On influence

Who we are depends on who we observe.

Most parents caution each other and their peers about how they should behave in front of children. They set stringent rules for themselves so they can prevent their children from adopting unhealthy practices.

Regardless of our safety measures to protect children, we often forget that, not unlike a toddler, we grown ups become influenced as well. 

We may not accept or even realise it most of the time, but we look at another person—a neighbour, a television artist, a writer—and be more like them.

That’s good in a way. When we look up to someone with purpose, knowing it will improve our life, becoming influenced in the best thing. Such influence can even spread peace and joy across the world. One person’s determination to help out during natural disasters and wars can turn into global philanthropic activities.

But when we don’t realise what we do and adopt certain behaviour for no apparent reason, influence turns bad. We lost sight of our common sense, following someone just because they are attractive.

That’s the root of most political and religious rebellions nowadays. We trust and advocate people, policies, and philosophies even though we don’t understand. We’re influenced by some famous artist campaigning for a cause they found. And since we like them as an artist, we tend to co-campaign without even evaluating it first.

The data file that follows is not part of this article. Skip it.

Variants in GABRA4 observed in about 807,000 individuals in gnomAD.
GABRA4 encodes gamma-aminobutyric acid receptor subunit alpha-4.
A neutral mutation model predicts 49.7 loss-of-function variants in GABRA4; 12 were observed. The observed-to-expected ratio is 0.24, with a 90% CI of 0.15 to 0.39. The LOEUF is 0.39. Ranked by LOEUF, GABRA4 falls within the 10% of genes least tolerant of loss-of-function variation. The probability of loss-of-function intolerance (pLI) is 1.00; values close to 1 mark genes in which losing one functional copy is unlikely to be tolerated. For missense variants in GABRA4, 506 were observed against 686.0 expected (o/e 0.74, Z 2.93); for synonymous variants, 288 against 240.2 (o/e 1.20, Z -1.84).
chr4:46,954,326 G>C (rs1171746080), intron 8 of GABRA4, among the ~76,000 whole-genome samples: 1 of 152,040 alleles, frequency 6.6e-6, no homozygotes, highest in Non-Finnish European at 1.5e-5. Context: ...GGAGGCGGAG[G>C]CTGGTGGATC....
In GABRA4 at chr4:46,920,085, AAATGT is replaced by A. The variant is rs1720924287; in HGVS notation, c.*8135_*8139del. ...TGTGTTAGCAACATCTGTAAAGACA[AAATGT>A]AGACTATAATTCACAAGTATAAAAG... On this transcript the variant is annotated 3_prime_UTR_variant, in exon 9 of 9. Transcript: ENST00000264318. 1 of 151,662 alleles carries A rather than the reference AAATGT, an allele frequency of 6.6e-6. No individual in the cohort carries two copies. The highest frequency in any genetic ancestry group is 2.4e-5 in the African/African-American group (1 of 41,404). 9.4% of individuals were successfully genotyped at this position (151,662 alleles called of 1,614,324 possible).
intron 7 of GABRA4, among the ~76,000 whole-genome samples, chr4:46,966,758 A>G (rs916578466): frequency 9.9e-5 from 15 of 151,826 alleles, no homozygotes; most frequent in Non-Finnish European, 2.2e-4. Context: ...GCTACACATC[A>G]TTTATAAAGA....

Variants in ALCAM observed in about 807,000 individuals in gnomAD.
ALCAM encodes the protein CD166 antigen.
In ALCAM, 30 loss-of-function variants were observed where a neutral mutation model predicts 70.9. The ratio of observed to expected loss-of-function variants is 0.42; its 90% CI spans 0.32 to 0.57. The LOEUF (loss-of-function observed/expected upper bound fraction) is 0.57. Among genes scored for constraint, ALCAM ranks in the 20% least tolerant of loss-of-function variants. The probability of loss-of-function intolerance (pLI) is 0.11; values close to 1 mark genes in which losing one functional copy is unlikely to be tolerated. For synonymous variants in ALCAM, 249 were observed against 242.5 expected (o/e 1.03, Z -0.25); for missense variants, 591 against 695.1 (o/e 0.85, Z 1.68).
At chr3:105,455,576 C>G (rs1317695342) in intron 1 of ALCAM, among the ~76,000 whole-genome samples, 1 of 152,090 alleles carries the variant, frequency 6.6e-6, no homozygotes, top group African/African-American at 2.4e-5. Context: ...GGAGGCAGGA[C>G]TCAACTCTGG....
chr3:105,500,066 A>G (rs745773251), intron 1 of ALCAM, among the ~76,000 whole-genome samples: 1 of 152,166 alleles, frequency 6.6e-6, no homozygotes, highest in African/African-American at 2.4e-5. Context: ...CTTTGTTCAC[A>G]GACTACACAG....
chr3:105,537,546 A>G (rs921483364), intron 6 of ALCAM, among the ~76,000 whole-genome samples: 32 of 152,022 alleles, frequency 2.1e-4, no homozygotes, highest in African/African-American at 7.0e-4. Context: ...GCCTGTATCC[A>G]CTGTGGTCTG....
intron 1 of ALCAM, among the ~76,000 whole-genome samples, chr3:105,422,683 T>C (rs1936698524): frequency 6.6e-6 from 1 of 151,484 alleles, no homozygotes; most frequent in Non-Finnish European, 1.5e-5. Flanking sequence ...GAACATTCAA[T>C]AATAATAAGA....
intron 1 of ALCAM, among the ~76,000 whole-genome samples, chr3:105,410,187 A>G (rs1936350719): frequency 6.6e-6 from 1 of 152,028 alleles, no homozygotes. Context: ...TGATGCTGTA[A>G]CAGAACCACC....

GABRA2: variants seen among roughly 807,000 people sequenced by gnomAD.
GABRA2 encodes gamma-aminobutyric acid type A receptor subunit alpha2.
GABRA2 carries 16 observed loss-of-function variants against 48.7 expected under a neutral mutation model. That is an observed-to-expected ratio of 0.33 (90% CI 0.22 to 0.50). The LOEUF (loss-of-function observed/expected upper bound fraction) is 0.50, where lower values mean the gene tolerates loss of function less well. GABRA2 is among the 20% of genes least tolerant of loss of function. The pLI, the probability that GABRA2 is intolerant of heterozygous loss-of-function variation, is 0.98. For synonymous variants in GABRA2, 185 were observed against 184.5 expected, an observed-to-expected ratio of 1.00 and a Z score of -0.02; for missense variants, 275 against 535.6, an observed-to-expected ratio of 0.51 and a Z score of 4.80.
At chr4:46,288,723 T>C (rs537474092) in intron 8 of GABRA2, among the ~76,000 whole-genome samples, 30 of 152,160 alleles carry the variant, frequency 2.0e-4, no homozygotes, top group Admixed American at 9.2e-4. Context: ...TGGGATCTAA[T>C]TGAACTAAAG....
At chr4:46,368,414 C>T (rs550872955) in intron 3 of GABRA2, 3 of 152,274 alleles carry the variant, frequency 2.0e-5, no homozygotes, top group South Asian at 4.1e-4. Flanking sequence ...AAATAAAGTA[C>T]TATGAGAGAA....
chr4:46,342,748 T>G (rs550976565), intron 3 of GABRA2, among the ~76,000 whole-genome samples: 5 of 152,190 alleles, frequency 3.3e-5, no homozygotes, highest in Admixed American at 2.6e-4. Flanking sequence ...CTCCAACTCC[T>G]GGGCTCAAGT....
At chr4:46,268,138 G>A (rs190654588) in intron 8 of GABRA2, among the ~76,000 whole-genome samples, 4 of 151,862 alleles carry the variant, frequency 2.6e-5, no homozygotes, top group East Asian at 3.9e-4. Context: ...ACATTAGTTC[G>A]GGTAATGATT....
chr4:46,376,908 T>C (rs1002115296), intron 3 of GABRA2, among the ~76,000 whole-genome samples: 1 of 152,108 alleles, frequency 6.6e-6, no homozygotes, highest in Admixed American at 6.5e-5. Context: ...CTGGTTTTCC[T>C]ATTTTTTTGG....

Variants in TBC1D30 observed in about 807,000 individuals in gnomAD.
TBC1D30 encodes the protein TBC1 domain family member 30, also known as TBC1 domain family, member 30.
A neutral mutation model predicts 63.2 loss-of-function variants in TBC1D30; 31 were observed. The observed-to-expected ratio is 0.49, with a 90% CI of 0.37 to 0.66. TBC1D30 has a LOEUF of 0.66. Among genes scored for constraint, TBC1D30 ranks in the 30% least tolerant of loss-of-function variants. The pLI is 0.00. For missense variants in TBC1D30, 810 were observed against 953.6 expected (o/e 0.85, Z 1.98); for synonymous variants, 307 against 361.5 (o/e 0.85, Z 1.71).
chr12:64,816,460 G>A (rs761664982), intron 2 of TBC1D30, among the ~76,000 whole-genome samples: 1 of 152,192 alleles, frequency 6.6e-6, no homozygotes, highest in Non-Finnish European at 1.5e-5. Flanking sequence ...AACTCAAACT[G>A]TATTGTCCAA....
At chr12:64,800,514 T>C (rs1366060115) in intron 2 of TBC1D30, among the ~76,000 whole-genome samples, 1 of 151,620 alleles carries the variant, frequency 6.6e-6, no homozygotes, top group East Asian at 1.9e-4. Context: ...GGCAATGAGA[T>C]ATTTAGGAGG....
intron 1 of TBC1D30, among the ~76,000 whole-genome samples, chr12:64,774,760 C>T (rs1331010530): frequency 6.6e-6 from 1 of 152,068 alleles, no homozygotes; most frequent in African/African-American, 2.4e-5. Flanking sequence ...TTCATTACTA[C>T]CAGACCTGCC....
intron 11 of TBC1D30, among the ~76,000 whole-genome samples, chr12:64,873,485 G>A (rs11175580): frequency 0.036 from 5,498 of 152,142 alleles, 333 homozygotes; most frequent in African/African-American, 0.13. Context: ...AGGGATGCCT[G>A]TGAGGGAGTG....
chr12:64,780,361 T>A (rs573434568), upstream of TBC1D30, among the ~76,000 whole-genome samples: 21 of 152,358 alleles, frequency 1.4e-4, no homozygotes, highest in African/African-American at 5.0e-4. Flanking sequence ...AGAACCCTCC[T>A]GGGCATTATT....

In a society that turns a blind eye to these un-checked influences, no one questions a popular opinion or refutes an unclear decision. As a society, we become unruly and devoid of self-control. We neither think or reason, but serve as tools for others.

Cult groups of today thrive on such behaviour. A single spark influences so many people to rile up, evoking negative emotions in the name of goodness.

Our world isn’t a nice place. We have as many evils as we have goodness. It’s important that we prioritise our lives, understand what matters most to us, and learn to stand up for it. When we’re mindful, we strengthen our convictions. We’ll then know what kind of influence we want to attract.

That’s the sign of true maturity. We grow wiser and understand our purpose—and that our purpose changes with situation, age, interests, and responsibilities. That’s how we can choose who influence us. Without that clarity, we’d let anything and anyone manipulate us for their benefit.

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